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A pie from Una Pizza Napoletana

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NYC’s 17 Most Anticipated Openings of Early 2018

From all-day cafes to hot-shot pizza, here’s what to get excited about this season

A pie from Una Pizza Napoletana
| Photo via Una Pizza Napoletana

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All-day dining is still going strong. Japanese fare, including an outrageous-sounding restaurant where diners can literally fish for their dinner, continues to capture the NYC dining scene. And at least three high-profile restaurants and bars are making their way here from other cities — including a hot-shot pizza restaurant that’s been here before. The most anticipated new restaurants of early 2018 skew casual, like Israeli fast-casual pitas, Italian and Japanese all-day cafes, and barbecue pitmaster Billy Durney’s two new off-shoots with fried chicken and deli meat. But the upscale, like a Korean tasting menu, and the everyday bistro are still trying to make things work.

Opening new restaurants in New York City hasn’t gotten any easier, but this crew proves that there’s still promising stuff on the horizon. Below, see the most exciting new restaurants and bars to expect in early 2018, listed by expected opening date.


Key player: Eyal Shani
Target open: Late January/early February

Chef Eyal Shani is a celebrity over in Israel, first manning fine-dining kitchens before striking out with a more casual concept called Miznon. The pita restaurant first opened in 2011, arguably before it became super trendy for top chefs to offer cheaper fare. Several locations of Miznon exist around the world, but Shani doesn’t consider it a chain. Half the menu at each one outside of Israel is unique to that outpost — meaning when the Chelsea Market one opens, half of the menu will be for NYC only. The location, sequestered in Chelsea Market with 120 seats, thankfully has ample room to sit. Expect pitas with fillings uncommon in the city, like lobster, Caesar salad, and herring. Shani’s signature, though, is a whole roasted cauliflower, eaten by picking off florets by hand. Inside Chelsea Market across from Friedman’s, 75 9th Avenue, between 15th and 16th streets, Chelsea

Lobster pita
Lobster pita from Miznon
Jean Schwarzwalder/Eater

Simon & The Whale

Key players: Gabriel Stulman, Matt Kebbekus, Matt Griffin
Target open: early February

West Village hitmaker Gabriel Stulman translated his casual vibes to the new Freehand Hotel in Flatiron, first opening all-day restaurant Studio and cocktail bar The George Washington Bar earlier in January. But the main event will be a ground floor, full-service restaurant Simon & The Whale. The 80-seat restaurant will eventually also have outdoor seating, and with a bigger kitchen, longtime Stulman chef Matt Griffin says he’ll be able to unleash creativity that the smaller West Village kitchens didn’t necessarily allow. Dishes will skew new American, including tartares and crudos. “I really feel like a kid in a candy store with this restaurant,” Griffin has said. 23 Lexington Ave., between East 23rd and East 24th streets, Flatiron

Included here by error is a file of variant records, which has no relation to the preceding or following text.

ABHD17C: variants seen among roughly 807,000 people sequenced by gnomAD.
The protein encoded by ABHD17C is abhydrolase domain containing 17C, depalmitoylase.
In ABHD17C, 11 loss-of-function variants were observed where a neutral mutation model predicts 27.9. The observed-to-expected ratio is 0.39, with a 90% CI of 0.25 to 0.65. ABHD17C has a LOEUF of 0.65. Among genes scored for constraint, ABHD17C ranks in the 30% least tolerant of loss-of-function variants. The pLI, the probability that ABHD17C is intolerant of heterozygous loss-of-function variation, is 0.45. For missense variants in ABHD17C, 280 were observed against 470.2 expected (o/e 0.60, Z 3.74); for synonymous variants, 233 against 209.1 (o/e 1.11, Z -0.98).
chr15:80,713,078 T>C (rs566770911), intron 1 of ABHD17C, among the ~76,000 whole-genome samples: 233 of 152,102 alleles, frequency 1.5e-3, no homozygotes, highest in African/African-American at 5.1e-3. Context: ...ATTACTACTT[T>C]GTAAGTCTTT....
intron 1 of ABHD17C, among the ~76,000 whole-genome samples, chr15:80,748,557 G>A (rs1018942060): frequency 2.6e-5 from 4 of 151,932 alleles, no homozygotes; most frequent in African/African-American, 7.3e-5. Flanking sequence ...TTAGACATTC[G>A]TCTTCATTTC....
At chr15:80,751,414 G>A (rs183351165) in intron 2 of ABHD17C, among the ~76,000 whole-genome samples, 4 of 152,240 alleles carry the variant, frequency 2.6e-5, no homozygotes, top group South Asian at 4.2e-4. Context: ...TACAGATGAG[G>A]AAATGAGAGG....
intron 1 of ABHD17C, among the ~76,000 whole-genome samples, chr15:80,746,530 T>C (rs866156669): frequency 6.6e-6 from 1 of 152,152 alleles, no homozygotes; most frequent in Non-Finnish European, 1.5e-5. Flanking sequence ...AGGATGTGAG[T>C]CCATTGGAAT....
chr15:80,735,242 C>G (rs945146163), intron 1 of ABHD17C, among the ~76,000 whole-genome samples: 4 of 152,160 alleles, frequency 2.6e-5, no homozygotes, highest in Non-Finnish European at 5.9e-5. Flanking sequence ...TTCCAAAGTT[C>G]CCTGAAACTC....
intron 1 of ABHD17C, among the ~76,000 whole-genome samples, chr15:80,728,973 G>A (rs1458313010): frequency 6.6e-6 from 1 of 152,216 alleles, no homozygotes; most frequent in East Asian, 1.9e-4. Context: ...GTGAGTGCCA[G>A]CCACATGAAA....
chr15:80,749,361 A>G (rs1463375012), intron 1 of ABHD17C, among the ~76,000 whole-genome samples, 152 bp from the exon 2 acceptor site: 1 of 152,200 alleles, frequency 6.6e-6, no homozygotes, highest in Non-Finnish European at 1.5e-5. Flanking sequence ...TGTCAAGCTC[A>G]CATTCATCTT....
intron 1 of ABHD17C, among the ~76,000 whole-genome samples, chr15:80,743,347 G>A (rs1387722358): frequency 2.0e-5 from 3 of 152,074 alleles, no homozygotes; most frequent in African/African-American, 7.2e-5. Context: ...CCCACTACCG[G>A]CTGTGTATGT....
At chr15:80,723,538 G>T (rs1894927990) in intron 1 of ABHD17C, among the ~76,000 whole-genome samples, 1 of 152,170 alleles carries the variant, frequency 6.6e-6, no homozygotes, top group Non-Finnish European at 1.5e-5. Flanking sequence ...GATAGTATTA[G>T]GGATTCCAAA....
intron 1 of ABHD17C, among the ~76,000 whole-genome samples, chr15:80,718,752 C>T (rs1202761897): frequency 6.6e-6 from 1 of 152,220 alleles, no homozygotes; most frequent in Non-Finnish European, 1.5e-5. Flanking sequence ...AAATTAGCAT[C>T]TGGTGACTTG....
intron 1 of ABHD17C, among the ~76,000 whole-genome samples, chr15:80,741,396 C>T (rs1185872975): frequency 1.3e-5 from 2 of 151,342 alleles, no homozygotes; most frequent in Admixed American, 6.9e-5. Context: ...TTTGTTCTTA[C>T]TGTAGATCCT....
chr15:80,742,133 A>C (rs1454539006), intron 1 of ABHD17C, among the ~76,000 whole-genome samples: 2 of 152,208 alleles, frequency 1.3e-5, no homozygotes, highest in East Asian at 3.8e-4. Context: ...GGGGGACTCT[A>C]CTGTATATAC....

Key players: Lee Hanson, Riad Nasr
Target open: February

As opening chefs of Balthazar and Minetta Tavern, duo Lee Hanson and Riad Niasr helped make the quintessentially New York Keith McNally restaurants what they are today. Now, they’re embarking on their first solo project with Frenchette, a 100-seat Tribeca restaurant that’s an updated version of a French brasserie. It will be open all day, with a basement aging room, a rotisserie, and a Japanese charcoal grill. And though the word “French brasserie” sounds like old territory for the chefs, they insist that it will be more modern — with fewer white subway tiles.

Lee Hanson and Riad Nasr
Lee Hanson and Riad Nasr
Nick Solares


Key players: Yudai Kanayama
Target open: February

Another entry into the all-day dining category is Davelle, a 22-seat Japanese cafe on the LES from restaurateur Yudai Kanayama. Kanayama is behind similarly small East Village hit Izakaya and the very solid food hall stand Izakaya Samurice in the Canal Street Market. Here at Davelle, he’s evoking kissaten, a classic Japanese cafe-restaurant where coffee is accompanied by food like Japanese-style toast and a boiled egg or an onigiri rice bowl and a boiled egg. Lunch items will include dishes like a curry rice set, and at dinner, small plates like the ones from Izakaya will show up. 102 Suffolk St., between Delancey and Rivington streets, Lower East Side